Thursday, January 25, 2018

Dr. William B. Jordan (1940-2018)

William B. Jordan

William B. Jordan

William B. Jordan

William B. Jordan

William B. Jordan

William B. Jordan

Another one of my first-rate art mentors at SMU has passed away. I had no idea that Dr. Jordan had passed when I posted my earlier piece about his gift to the Prado. He was always very nice to me and the other studio majors of my era.

"William B. Jordan, one of the most significant museum professionals in North Texas' history, died Monday in Dallas after a short illness, according to the Dallas Museum of Art. He was 77.  

His legacy began when, as a newly minted Ph.D. from the Institute of Fine Arts in New York -- and a long-haired native of San Antonio -- he arrived in Dallas to help Algur Meadows form a new collection of Spanish paintings for Southern Methodist University. 

His combination of charm, knowledge, modesty, and guts endeared him to his new employer, and the fabled collection of the Meadows Museum was not just begun, but given a level of quality and a range that became the envy of Old Master curators worldwide. 

From that start, there were few museums in North Texas that he didn't transform. He was curator at the Dallas Museum of Art and the Kimbell Art Museum and, eventually, a trustee of the Nasher Sculpture Center and the DMA. 

His taste was unerring, his eye secure and his gambler's instinct unwavering. A simple list of the acquisitions made with his leadership is unrivaled among American curators of his generation. 

Perhaps his crowning achievement was the discovery and subsequent personal gift to the Prado Museum in Madrid of the Portrait of Philip III by the greatest Spanish painter of the Golden Age, Diego Velázquez. Jordan donated the work (estimated at $6 million) to the Prado on Dec. 17, 2016, and was consequently made a trustee of the most significant museum of Spanish art in the world.

The Dallas Museum of Art acknowledge Jordan's death in an email to trustees Monday night from director Agustín Arteaga, museum president Catherine Marcus Rose and chairman Melissa Foster Fetter: 'We hope all of you will remember him as the great scholar and gentleman that he was; the passionate, brilliant curator who left his imprint upon so many distinguished institutions, in Dallas and abroad; and the cherished friend who placed art at the very center of his life.'"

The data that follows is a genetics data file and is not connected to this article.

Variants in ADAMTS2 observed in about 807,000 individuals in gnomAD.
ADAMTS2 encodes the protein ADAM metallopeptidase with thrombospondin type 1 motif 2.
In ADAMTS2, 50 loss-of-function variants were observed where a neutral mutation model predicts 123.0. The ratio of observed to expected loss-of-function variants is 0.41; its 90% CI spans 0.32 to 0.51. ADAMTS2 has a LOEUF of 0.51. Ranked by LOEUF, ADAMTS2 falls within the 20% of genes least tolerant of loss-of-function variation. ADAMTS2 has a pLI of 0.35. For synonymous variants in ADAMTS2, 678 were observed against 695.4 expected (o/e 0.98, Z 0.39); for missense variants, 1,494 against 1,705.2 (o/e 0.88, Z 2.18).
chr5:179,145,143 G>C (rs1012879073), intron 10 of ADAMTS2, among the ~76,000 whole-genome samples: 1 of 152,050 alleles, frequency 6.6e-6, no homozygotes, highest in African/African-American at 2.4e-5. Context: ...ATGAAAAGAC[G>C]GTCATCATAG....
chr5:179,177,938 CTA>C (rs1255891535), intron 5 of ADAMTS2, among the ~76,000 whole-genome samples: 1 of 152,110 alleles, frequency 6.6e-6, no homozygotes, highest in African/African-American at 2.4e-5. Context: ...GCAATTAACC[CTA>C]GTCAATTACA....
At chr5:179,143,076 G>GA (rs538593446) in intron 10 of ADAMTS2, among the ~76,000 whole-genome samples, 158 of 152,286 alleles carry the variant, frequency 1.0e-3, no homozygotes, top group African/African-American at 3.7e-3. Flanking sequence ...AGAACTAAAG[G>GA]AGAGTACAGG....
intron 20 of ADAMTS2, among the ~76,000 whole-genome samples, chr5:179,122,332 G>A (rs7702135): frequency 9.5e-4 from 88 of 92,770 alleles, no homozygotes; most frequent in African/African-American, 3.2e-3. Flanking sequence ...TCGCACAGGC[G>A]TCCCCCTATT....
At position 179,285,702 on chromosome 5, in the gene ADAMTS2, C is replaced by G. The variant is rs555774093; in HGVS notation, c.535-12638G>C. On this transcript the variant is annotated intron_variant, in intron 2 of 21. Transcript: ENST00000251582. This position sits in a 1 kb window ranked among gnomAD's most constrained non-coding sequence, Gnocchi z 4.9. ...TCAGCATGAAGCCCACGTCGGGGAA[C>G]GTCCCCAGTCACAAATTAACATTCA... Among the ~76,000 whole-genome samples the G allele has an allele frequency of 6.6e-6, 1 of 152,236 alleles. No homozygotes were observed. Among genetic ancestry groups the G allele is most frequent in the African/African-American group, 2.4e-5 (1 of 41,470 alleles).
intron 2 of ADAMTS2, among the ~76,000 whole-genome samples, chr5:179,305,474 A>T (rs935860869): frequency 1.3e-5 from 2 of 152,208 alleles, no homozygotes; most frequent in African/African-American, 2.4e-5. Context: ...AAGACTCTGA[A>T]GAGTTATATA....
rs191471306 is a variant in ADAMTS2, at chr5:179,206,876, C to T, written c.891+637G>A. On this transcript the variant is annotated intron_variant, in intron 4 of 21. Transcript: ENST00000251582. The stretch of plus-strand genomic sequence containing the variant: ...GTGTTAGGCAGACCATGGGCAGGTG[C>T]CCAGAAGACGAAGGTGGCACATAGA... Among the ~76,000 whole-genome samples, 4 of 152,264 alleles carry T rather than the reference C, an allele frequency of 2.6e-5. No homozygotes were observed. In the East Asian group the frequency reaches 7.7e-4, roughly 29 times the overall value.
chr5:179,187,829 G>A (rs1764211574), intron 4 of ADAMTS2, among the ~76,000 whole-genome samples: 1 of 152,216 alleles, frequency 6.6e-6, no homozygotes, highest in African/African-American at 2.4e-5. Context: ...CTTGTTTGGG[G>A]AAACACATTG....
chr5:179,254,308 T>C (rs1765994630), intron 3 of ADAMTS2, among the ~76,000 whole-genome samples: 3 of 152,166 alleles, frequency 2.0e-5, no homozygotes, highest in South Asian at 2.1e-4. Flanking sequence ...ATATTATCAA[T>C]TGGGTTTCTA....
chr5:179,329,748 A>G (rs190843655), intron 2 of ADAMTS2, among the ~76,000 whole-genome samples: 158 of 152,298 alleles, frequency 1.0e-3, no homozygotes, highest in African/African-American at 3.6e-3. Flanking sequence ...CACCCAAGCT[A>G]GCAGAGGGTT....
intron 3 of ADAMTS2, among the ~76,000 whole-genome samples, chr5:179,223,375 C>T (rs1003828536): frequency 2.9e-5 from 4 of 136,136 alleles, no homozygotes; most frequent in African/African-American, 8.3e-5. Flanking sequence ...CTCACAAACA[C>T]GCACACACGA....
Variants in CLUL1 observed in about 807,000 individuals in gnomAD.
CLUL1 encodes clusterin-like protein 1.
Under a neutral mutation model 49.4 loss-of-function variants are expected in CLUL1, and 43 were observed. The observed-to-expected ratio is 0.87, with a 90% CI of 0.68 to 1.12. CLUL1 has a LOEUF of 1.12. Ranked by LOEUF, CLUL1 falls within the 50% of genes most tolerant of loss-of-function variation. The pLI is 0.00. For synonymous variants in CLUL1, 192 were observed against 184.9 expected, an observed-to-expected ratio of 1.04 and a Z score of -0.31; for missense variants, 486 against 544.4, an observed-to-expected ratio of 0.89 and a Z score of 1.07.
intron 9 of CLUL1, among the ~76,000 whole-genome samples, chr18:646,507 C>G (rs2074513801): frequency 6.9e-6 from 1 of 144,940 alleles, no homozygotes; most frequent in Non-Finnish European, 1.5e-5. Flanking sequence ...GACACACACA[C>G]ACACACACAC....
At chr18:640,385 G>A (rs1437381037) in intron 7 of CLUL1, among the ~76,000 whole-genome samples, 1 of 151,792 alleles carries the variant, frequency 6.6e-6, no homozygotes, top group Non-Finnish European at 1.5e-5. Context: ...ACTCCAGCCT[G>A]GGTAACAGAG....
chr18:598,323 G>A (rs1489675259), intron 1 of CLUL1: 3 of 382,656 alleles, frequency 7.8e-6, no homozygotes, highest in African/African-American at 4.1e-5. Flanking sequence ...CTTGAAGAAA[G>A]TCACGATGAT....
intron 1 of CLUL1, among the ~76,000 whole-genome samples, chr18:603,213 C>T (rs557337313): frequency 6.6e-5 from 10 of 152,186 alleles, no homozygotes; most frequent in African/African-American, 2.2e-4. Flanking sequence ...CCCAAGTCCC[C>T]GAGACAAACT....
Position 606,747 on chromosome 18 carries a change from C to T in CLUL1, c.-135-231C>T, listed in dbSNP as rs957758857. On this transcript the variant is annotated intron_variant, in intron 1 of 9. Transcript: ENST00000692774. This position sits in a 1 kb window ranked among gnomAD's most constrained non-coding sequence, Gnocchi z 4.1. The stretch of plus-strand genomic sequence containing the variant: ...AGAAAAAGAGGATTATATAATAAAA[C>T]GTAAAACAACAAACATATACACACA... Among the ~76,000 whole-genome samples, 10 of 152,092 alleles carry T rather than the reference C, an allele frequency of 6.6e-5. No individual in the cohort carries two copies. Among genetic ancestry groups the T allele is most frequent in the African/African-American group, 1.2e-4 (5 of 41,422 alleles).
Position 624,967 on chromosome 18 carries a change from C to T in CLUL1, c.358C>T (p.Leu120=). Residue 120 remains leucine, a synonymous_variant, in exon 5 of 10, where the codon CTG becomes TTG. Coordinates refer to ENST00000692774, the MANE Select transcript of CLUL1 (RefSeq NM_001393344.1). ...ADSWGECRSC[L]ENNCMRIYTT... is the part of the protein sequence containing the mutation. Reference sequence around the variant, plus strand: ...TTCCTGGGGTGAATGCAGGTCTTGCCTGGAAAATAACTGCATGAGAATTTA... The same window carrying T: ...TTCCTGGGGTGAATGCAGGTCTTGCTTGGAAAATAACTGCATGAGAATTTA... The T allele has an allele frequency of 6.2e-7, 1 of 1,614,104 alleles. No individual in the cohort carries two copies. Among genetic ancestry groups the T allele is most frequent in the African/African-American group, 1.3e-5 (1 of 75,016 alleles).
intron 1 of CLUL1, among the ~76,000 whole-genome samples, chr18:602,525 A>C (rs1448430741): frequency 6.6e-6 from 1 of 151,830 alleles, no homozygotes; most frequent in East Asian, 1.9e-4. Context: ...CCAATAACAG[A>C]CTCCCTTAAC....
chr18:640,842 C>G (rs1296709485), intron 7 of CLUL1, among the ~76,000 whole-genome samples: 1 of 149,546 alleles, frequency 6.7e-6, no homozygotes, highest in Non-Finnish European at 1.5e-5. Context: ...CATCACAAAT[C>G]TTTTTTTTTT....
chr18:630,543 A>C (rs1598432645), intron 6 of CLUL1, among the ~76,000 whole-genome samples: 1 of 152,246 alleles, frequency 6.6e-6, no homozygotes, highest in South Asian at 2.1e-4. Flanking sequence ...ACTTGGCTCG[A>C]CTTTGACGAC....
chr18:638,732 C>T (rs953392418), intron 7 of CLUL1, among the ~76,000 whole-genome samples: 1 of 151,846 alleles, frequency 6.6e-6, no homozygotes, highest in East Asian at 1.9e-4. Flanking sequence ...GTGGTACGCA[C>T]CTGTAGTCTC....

Bill Jordan and his unpublished painting of Phillip III, attributed to Diego Velazquez.

Dr. William B. Jordan has had a lengthy career devoted to museums. He obtained his doctorate from the Institute of Fine Arts, New York University, in 1967. That same year he was appointed the first director of the Meadows Museum of the Southern Methodist University in Dallas, Texas. He spent fourteen years there, working closely with the late Algur H. Meadows then with the foundation that Meadows left on his death for the creation of what is now one of the most important collections of Spanish painting outside Europe.

Between 1981-1990 Dr. Jordan was deputy director of the Kimbell Art Museum in Fort Worth, Texas, where he built up an important collection that represents all periods and artistic schools, in addition to creating an influential programme of exhibitions and research. 

In addition to curating exhibitions on El Greco and Ribera, Dr. Jordan is one of the leading experts on Spanish still-life painting and has curated a number of exhibitions on this subject in museums, including the Museo del Prado, the National Gallery in London, the Royal Palace in Madrid, the Kimbell Art Museum and the Meadows Museum in Dallas. 

During the course of his career he has handled the acquisition of four works by Diego Velázquez. Now retired, he continues to be active in research and is also a collector and a member of several art museum boards in the United States.

Portrait of Philip III by Velázquez

The painting was acquired by Dr. Jordan on the London art market, where it was catalogued as a "Portrait of a Gentleman." Following its restoration, Dr. Jordan studied the painting, leading him to consider the idea that it is a work by Velázquez, specifically a preparatory painting for the face of Philip III in "The Expulsion of the Moriscos."

Among the reasons that have led Dr. Jordan to defend this attribution are:

Philip III appears to be aged around 40 in the painting, his age in 1609 when the moriscos were expelled from Spain.

Stylistically, the work necessarily dates from later than 1609. It may have been produced between 1623, when Velázquez arrived at court and introduced a new style of royal portrait that corresponds to that of this work, and 1631, when he returned from Italy and adopted a notably different portrait style.

The fact that Philip III is in near-profile and looking up indicates that this is not a portrait (in which the sitter normally looks straight ahead) but an image to be included in a narrative scene.

The fact that the work’s characteristics are not comparable to the styles of the other portraitists working at the court in the 1620s, such as Van der Hamen, Maíno, Diricksen, etc.

A study of written descriptions of "The Expulsion of the Moriscos" suggest that the portrait of Philip III in that scene had a similar expression to this one and was looking in the same direction.

A study of those descriptions led Dr. Jordan to consider the idea that "The Expulsion of the Moriscos" was conceived as a pendant to Titian’s painting of "Philip II Offering the Infante don Fernando to Victory" (Museo del Prado), which hung in the same room (the Salón Nuevo in the Alcázar) for which Velázquez’s work was painted. This idea led him to compare the portrait of Philip II in Titian’s work with that of Philip III in the present painting -- a comparison that revealed numerous points of comparison with regard to the size and pose of the portraits.

William B. Jordan

No comments:

Post a Comment